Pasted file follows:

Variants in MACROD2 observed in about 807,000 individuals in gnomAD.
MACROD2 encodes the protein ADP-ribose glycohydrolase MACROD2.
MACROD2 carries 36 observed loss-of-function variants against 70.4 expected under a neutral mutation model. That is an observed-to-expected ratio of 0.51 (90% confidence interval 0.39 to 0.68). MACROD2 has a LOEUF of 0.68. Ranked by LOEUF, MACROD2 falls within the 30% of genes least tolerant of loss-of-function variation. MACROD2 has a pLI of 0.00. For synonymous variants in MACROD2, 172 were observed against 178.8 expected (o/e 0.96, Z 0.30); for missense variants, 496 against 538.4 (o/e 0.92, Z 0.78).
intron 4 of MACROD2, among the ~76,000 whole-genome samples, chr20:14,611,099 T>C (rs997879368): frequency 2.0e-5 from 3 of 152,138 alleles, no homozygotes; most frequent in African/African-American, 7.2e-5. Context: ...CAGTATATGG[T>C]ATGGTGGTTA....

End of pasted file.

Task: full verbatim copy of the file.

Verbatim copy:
Variants in MACROD2 observed in about 807,000 individuals in gnomAD.
MACROD2 encodes the protein ADP-ribose glycohydrolase MACROD2.
MACROD2 carries 36 observed loss-of-function variants against 70.4 expected under a neutral mutation model. That is an observed-to-expected ratio of 0.51 (90% confidence interval 0.39 to 0.68). MACROD2 has a LOEUF of 0.68. Ranked by LOEUF, MACROD2 falls within the 30% of genes least tolerant of loss-of-function variation. MACROD2 has a pLI of 0.00. For synonymous variants in MACROD2, 172 were observed against 178.8 expected (o/e 0.96, Z 0.30); for missense variants, 496 against 538.4 (o/e 0.92, Z 0.78).
intron 4 of MACROD2, among the ~76,000 whole-genome samples, chr20:14,611,099 T>C (rs997879368): frequency 2.0e-5 from 3 of 152,138 alleles, no homozygotes; most frequent in African/African-American, 7.2e-5. Context: ...CAGTATATGG[T>C]ATGGTGGTTA....